Why is My Beer Batter Not Crispy?

If your beer batter isn’t crispy, it could be due to a few factors. The batter may be too thick, the oil might not be hot enough, or the batter could be overmixed. Ensure that the batter is the consistency of heavy cream, the oil is heated to the right temperature, and the batter is mixed just until the ingredients are combined for the crispiest results.

How Do You Get Batter to Stick to Cod?

To get the batter to stick to the cod, it’s important to pat the fish dry before dipping it in the batter. You can also dust the fish lightly with flour before dipping it into the batter. This helps the batter adhere to the fish, ensuring a uniform coating.

Is Beer Batter Better Than Regular Batter?

Beer batter is often preferred over regular batter for its light, crispy texture and subtle flavor. The carbonation in the beer creates an airy batter. The baking soda also helps with the airy factor.

However, regular batter can also produce delicious results, so it’s largely a matter of personal preference. You can achieve a similar airy batter by using plain sparkling water or soda. For a nice twist, try adding non-alcoholic beer.

Yield: 4 servings

The Best Beer-Battered Cod Fish and Chips

Craving that classic pub fare at home? This homemade beer-battered cod fish and chips recipe will hit the spot! Bring that beloved British cuisine right into your kitchen. Not only is it a wallet-friendly option when cod's on sale, but it also allows for a bit of culinary creativity. Using just a can of beer, some flour, and potatoes, you can whip up this dish with ease. I shares my Massachusetts-inspired take on this classic recipe. Great for your omega-3s!

This is the basic recipe that I use when making beer-battered fish and chips.

Prep Time 10 minutes
Cook Time 30 minutes
Total Time 40 minutes

Ingredients

For the Beer Batter

  • 1 cup all-purpose flour
  • 1 cup beer (a light lager or ale)
  • 1 tsp baking powder
  • Salt, to taste

For the Cod

  • 4 cod fillets
  • Salt and pepper, to taste
  • Extra flour for dredging

For the Chips

  • 4 large Russet potatoes
  • Vegetable oil, for frying
  • Salt, to taste

Instructions

  1. Start by making the beer batter. In a large bowl, combine the flour, beer, baking powder, and salt. Mix until smooth and set aside.
  2. Prepare the cod fillets by patting them dry with a paper towel. Season both sides with salt and pepper. Dredge each fillet in some flour, shaking off any excess.
  3. Heat your oil in a deep fryer or large, deep saucepan to 180°C (350°F). If you don't have a thermometer, you can test the oil by dropping a small amount of batter into it. If it sizzles and floats to the top, the oil is ready.
  4. Dip each cod fillet into the beer batter, ensuring it's fully coated. Carefully lower the battered fish into the hot oil. Fry for about 5-7 minutes, or until the batter is a deep golden brown. Remove the fish from the oil and drain on a wire rack or paper towels.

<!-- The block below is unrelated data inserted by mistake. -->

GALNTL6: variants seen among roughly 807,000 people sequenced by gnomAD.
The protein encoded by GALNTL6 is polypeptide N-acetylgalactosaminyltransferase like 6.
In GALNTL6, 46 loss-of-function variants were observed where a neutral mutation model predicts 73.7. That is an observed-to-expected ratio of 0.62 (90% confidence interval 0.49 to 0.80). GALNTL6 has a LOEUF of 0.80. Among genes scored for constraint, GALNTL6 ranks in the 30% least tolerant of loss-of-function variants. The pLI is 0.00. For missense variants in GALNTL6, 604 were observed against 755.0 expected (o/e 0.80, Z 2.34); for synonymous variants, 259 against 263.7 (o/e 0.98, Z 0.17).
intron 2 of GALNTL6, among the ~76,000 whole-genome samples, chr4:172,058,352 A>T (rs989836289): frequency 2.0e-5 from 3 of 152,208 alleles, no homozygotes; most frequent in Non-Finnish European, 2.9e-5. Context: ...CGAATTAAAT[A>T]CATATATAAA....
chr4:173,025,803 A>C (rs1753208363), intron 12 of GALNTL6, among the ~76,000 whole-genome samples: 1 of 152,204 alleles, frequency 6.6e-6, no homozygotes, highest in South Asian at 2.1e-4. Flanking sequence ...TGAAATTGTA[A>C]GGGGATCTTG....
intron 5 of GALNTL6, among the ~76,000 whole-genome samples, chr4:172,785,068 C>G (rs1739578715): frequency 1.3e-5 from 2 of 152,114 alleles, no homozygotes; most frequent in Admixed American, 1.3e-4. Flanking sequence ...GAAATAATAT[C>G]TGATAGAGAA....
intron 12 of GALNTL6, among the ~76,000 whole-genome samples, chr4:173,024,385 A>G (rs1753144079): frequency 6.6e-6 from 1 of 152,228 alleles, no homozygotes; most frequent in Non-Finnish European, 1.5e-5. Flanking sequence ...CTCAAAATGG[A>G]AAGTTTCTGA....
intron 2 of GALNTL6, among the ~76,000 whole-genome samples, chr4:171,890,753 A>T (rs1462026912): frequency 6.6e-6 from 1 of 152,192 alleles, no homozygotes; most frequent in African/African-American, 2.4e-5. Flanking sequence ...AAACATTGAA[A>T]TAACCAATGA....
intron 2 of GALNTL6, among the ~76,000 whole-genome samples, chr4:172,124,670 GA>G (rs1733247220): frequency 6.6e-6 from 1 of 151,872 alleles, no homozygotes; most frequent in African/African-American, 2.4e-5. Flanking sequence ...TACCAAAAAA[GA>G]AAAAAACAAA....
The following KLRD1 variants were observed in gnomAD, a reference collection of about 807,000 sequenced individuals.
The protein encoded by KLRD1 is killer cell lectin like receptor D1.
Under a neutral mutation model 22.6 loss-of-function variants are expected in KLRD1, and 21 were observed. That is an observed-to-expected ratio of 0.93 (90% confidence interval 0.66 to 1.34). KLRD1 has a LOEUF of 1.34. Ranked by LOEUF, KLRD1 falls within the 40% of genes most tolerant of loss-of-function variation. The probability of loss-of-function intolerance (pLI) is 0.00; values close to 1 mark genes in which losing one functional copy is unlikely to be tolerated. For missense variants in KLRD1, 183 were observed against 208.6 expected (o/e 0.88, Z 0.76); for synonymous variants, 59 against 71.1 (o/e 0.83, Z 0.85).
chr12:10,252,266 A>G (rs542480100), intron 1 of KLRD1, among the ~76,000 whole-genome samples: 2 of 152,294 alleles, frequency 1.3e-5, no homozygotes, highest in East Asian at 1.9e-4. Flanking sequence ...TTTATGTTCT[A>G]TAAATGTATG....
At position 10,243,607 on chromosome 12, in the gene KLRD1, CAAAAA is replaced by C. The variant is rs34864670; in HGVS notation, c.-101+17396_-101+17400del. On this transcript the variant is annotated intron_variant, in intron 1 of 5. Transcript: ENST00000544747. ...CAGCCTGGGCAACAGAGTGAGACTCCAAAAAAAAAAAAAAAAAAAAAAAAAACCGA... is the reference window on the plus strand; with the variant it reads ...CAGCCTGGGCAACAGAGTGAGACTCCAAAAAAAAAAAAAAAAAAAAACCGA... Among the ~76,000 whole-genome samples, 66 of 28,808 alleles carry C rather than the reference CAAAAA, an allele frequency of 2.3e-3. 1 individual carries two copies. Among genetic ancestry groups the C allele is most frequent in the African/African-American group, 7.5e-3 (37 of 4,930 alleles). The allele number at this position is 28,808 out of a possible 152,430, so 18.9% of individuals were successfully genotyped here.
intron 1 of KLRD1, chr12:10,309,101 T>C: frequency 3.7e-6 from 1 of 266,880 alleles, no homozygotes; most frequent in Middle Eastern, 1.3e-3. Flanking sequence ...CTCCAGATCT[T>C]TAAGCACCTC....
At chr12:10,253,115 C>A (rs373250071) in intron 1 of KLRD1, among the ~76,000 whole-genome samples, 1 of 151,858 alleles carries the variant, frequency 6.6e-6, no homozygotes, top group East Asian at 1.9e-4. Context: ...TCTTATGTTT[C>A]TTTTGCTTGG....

5. For the chips, peel the potatoes and cut them into thick strips. Rinse under cold water to remove any excess starch, then pat dry.
  6. Using the same oil as the fish, fry the chips in batches at 130°C (265°F) for about 5 minutes, or until they're soft but not browned. Remove from the oil and drain.
  7. Increase the oil temperature to 190°C (375°F). Fry the chips again until they're golden and crispy. Drain on paper towels and season with salt.
  8. Serve the beer-battered cod with the crispy chips, mushy peas, and a slice of buttered bread for a true British experience. Enjoy your homemade fish and chips with a sprinkle of malt vinegar and a side of tartare sauce.

Notes

  • Ensure the beer and flour are well mixed to avoid lumps in the batter.
  • The temperature of the oil is crucial. Too hot, and the batter burns; too cold, and the fish becomes greasy.
  • The choice of beer can slightly alter the flavor of the batter, so feel free to experiment.
  • Nutrition Information

    Yield

    4

    Serving Size

    1

    Amount Per Serving Calories 763Total Fat 6gSaturated Fat 1gTrans Fat 0gUnsaturated Fat 4gCholesterol 99mgSodium 672mgCarbohydrates 114gFiber 9gSugar 3gProtein 56g

    Nutrition automatically generated.

    Variations and Additions to the Classic Recipe

    While the classic beer-battered cod fish and chips recipe is a timeless favorite, there are plenty of ways to put your own spin on the dish. Try adding herbs or spices to the batter for an extra flavor kick. You could also experiment with different types of fish, such as haddock or plaice.

    What About Using Vodka Instead of Beer?

    Using vodka instead of beer in the batter is an interesting twist on the classic recipe. Vodka, like beer, contains alcohol which evaporates quickly in hot oil, resulting in a crispy coating. However, vodka doesn’t contain the carbonation found in beer, so the batter may be less airy.

    How Do I Make This Gluten Free?

    All-purpose flour is the most common choice for making batter, but rice flour or cornstarch can also be used to make a a gluten-free version of beer-battered cod fish and chips. The bonus is that these alternatives make for a crispier fish coating. You can also use a gluten-free beer or sparkling water in the batter.

    Can I Use Panko Instead of Cornstarch?

    Panko, a type of Japanese breadcrumb, can be used as a coating for fish and chips, but it won’t create the same light, crispy texture as a beer batter. However, it can provide a delicious, crunchy alternative if you’re looking for something different.

    The Final: My Beer-Battered Cod Fish and Chips Recipe

    Remember, the secret to the perfect beer-battered cod fish and chips lies in the quality of the ingredients! Try different varieties of beer to achieve different tastes.

    Craving that classic pub fare at home? This homemade beer-battered cod fish and chips recipe will hit the spot! Bring that beloved British cuisine right into your kitchen. Not only is it a wallet-friendly option when cod's on sale, but it also allows for a bit of culinary creativity. Using just a can of beer, some flour, and potatoes, you can whip up this dish with ease. I shares my Massachusetts-inspired take on this classic recipe. Great for your omega-3s!